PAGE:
On Sunday, Mothers Day, Anne and I went for a bicycle ride. This is a common Sunday activity for us. We ride on most weekend day. It being Mothers Day, our destination wasn’t all that unusual either. We rode to Laumeier Sculpture Park for the 25th anniversary of the Laumeier Art Fair. Anne has been visiting this art fair for most of its twenty-five years. In the beginning, I would watch the boys and Anne and Joanie would take-off for Laumeier. I feel a little bit guilty for usurping Joanie’s place, but Anne really wanted a ride. Besides, the boys have flown the coop.
This destination was a little bit outside my comfort zone. Not the sculpture park, but its environs. Don’t get me wrong, the park is located in a very tony neighborhood, but the road network that supports it, I found questionably bike friendly. I am frankly more comfortable cycling in the City of Saint Louis. Even with its ‘sketchy’ neighborhoods, it boast a road network that was designed and built for a million people and now supports only a third that number. Consequently, there are plenty of low traffic roads available to us cyclists. On the other hand, the county, in particular West County makes due with a rural road network that has been overgrown with urban sprawl. In the county, there are now fast traffic roads that string together islands of neighborhood bike friendly streets.
With this backdrop, we sallied forth. Our itinerary included Maplewood, Webster and Kirkwood, all familiar destinations. Leaving Kirkwood, we began a process of navigation by successive approximation. We snaked through the bike friendly neighborhoods and limited our exposure on the fast traffic lanes using our iPhones. We would memorize the next few turns, hop on bikes, ride and repeat. It really was only a few extra miles, but such is my fear and prejudice about riding in the county that it felt like a major victory. We got 25 miles.
In the background above and again below is pictured Alexander Liberman’s “The Way”. It is bright red now, with a new coat of paint. It was constructed from eighteen salvaged steel oil tanks. “The Way” is the signature art work for Laumeier Sculpture Park. Below is the park’s description of this piece:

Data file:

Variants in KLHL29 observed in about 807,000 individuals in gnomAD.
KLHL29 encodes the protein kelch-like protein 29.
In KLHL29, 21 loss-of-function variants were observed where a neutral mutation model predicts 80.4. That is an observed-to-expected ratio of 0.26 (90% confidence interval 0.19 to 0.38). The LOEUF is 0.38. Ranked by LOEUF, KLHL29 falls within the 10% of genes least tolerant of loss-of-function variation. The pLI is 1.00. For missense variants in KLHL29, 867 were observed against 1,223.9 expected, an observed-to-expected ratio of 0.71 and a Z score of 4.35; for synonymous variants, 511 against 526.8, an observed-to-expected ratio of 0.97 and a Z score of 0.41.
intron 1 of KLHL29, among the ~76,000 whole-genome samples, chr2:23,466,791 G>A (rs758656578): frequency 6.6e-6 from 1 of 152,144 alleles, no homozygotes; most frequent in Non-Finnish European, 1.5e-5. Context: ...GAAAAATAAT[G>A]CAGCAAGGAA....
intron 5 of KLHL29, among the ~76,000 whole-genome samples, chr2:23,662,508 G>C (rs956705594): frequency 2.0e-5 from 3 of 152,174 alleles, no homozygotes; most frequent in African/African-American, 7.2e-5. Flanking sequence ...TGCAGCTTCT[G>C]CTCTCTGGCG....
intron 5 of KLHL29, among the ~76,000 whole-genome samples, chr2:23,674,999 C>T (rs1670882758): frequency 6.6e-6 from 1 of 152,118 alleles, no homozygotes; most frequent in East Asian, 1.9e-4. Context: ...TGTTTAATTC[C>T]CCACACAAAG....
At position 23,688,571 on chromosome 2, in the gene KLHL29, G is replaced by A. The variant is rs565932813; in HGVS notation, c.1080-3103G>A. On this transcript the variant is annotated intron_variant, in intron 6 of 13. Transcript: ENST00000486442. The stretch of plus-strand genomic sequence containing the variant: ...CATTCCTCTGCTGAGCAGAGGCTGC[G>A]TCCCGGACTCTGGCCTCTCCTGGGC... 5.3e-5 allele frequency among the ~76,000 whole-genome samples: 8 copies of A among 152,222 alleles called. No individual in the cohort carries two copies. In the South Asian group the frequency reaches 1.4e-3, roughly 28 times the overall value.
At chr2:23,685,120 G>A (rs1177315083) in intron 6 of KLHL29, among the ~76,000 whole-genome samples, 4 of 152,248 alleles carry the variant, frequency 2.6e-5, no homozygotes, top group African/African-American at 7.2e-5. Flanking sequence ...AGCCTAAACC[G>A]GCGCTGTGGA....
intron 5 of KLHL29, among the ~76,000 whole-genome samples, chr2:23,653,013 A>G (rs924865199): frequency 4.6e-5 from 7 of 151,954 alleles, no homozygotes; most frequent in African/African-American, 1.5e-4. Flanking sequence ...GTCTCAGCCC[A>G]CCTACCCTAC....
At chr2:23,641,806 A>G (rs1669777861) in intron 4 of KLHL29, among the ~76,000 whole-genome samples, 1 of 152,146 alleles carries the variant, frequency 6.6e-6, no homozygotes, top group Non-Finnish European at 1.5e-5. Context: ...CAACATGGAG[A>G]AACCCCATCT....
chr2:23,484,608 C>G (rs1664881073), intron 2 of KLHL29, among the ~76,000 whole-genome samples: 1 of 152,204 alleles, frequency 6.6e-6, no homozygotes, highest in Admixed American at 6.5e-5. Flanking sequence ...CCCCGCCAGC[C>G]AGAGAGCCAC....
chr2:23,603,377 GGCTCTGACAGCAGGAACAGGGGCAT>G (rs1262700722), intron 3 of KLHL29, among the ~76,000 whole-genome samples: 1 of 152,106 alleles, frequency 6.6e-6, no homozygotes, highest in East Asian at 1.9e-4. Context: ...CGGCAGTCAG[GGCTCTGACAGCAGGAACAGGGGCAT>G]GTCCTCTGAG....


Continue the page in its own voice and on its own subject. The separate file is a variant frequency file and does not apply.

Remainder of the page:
“The Way” has long stood as an acting symbol for the park, projecting in all directions like the guns of a giant battleship. This monumental work dominates the field; its scale is, in part, and meant to represent the awe-inspiring impact of classical Greek temples and mammoth Gothic-style cathedrals. The massive crumpled cylinders are welded together and placed to resemble a post and lintel architectural system. With numerous points of tension, this sacred pile of weighted geometry possesses shrine-like properties with humorous undertones, familiar to a failed game of Jenga. Discovered along the northeast coast, the eighteen salvaged steel oil tanks are a towering gateway built-in the modernist spirit. Cadmium-red was chosen for its symbolic qualities, representing beauty in Russian culture, and as a luminous abstract mixture that unifies all of the constructed parts of this work. Liberman’s carefully placed industrial columns offer layered symbolism that combines site with compositional elegance and bold enthusiasm of form.
The Laumeier Art Fair is small by some standards, but it boasts an excellent locale. The weather on Sunday was brilliantly perfect, not too hot, not too cold. I keyed on the photographic artists, because my brother, Chris, has begun to sell some of his photos. The stretched canvas framing technique that he has used, was very popular. Another framing technique in vogue was the triptych. A panoramic photograph would be subdivided into thirds, with the twist that the center section could stand on its own and was sold as such. There were no Mark Rothko prices, but close.